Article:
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April 24, 2014

Oklahoma Supreme Court allows executions to get back on track

As reported in this local article, headlined "Oklahoma Supreme Court lets executions go forward; Justices lift stay after ruling inmates don’t have right to know source of drugs," a controversial execution stay put in plae in the Sooner State earlier this week will no longer mean executions in the states have to come much later.  Here are the basics:

The Oklahoma Supreme Court Wednesday evening ruled two convicted murderers’ executions can go forward. Justices had voted 5-4 Monday to halt the executions — until a legal challenge could be resolved.

Justices on Wednesday ruled unanimously against the inmates on that legal issue and let the executions proceed. Clayton Derrell Lockett and Charles Frederick Warner are now scheduled to be put to death by lethal injection next Tuesday.

Both complained in February that they need to know who was supplying the execution drugs. They contended they needed the information in order to challenge their executions as cruel and unusual punishment. Under state law, the identity of the drug supplier is confidential. An Oklahoma County judge in March — ruling in favor of the murderers — declared that law unconstitutional.

The Supreme Court Wednesday reversed the Oklahoma County judge’s ruling, saying the secrecy provision does not violate the inmates’ constitutional right of access to the courts. Justices noted that “the inmates have been provided with the identity of the drug or drugs to be used in the executions and with the dosages to be injected.”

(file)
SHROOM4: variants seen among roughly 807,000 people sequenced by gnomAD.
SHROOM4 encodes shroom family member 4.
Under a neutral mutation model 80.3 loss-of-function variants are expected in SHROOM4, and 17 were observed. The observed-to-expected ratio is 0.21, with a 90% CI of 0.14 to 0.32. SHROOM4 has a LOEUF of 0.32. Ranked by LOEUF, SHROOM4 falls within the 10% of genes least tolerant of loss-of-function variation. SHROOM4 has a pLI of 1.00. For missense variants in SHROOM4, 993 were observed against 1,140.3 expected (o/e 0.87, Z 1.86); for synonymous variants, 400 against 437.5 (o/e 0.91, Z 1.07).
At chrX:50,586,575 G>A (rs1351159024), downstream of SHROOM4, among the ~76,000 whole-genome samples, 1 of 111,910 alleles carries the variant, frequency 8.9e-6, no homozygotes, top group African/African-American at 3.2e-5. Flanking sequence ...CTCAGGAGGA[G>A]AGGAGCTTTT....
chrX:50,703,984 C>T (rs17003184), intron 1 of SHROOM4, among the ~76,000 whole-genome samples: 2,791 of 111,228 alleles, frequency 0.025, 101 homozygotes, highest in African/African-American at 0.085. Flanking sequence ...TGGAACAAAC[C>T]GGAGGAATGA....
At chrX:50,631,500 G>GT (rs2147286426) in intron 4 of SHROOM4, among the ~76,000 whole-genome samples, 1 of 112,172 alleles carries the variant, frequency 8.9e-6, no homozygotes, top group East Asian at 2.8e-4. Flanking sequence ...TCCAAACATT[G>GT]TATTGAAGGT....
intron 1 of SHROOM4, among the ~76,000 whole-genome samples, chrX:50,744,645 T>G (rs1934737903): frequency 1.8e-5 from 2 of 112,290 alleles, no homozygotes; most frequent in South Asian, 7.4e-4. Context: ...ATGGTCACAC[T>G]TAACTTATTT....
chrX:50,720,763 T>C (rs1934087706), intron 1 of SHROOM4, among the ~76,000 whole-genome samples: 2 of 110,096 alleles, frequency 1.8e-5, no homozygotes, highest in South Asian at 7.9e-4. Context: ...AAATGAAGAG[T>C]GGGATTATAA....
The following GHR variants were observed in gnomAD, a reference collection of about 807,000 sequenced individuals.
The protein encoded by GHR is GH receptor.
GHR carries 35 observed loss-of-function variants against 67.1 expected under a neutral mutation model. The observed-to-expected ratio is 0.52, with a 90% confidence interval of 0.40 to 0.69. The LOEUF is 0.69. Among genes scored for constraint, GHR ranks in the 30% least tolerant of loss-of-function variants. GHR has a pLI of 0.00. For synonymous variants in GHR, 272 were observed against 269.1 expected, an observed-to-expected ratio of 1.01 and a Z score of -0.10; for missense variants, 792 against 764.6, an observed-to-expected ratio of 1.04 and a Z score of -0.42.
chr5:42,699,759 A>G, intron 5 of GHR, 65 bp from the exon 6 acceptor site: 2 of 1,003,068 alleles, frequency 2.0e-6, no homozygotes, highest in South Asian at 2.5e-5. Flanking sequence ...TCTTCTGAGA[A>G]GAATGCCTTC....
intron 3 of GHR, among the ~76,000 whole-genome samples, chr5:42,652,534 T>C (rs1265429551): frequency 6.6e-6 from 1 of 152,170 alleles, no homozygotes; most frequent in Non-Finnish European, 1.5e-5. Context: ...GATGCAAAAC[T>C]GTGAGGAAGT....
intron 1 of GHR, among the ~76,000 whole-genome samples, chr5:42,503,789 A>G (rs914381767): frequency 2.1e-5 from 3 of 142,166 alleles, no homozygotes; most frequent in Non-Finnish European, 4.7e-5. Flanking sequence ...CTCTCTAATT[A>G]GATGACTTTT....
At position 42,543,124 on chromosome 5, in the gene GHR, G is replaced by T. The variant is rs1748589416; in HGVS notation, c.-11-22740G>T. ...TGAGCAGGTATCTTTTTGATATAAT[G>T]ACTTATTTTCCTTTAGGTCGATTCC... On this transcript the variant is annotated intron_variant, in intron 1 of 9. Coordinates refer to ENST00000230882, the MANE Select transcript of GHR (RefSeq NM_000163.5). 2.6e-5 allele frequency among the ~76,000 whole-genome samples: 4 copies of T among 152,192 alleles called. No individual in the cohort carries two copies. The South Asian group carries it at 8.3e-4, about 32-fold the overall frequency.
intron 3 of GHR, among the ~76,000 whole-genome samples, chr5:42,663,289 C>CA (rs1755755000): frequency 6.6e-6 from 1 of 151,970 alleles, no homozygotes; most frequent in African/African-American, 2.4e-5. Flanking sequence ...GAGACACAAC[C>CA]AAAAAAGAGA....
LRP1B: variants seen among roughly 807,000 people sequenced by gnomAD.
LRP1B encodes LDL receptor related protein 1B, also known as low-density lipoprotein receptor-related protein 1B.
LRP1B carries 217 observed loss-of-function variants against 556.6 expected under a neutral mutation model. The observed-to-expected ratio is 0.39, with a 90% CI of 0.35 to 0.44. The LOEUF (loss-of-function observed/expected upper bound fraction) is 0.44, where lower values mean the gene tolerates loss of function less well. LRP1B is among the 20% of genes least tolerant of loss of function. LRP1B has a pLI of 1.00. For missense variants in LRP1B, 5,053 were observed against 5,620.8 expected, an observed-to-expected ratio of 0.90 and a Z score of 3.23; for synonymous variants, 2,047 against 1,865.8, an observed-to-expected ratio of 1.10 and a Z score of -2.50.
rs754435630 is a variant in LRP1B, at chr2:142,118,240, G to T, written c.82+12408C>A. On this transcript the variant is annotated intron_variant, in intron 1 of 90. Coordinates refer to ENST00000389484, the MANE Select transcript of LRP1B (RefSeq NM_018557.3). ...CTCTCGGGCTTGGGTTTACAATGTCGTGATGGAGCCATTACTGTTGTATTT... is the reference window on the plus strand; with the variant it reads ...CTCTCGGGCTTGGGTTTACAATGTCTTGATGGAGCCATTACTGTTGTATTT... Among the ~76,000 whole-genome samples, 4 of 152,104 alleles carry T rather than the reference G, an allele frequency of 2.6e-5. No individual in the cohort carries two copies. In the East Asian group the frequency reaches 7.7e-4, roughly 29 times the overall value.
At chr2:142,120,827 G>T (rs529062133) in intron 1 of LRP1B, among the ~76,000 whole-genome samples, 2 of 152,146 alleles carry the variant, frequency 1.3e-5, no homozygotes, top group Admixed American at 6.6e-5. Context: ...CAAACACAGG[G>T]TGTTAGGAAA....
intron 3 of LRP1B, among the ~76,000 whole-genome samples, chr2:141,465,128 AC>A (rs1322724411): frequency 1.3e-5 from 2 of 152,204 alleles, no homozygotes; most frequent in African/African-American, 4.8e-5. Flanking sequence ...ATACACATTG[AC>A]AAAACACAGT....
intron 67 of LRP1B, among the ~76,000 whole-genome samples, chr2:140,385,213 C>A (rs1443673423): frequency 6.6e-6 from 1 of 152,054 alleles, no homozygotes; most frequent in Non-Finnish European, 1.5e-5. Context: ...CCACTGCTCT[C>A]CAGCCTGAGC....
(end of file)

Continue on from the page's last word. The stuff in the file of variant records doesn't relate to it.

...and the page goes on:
The ruling Wednesday appears to put an end to what Attorney General Scott Pruitt had called a constitutional crisis. The Supreme Court had never before in its history blocked an execution. Both Gov. Mary Fallin and the attorney general complained after Monday’s ruling that the Supreme Court had overstepped its constitutional authority.

Normally, in Oklahoma, the Supreme Court handles civil issues and the Court of Criminal Appeals handles criminal matters. The Court of Criminal Appeals had not blocked the executions and Lockett was supposed to be put to death Tuesday. Faced with conflicting court orders, the governor on Tuesday rescheduled Lockett’s execution for next week.

Lockett, now 38, was convicted of the 1999 fatal shooting of Stephanie Neiman. Warner, 46, was convicted of killing his girlfriend’s baby daughter, Adriana Waller, in 1997.

In a strongly worded concurring opinion Wednesday, Supreme Court Justice Steven Taylor called the inmates’ challenge frivolous and a complete waste of the court’s time and resources.  Taylor has repeatedly contended the Supreme Court never should have taken up the inmates’ challenge at all.  He contends justices should have sent the issue to the Court of Criminal Appeals.

He wrote Wednesday the inmates had no right to information about where the execution drugs came from. “If they were being executed in the electric chair, they would have no right to know whether OG&E or PSO were providing the electricity,” he wrote.  “If they were being hanged, they would have no right to know whether it be by cotton or nylon rope; or if they were being executed by firing squad, they would have no right to know whether it be by Winchester or Remington ammunition.”

April 24, 2014 at 11:30 AM | Permalink

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Comments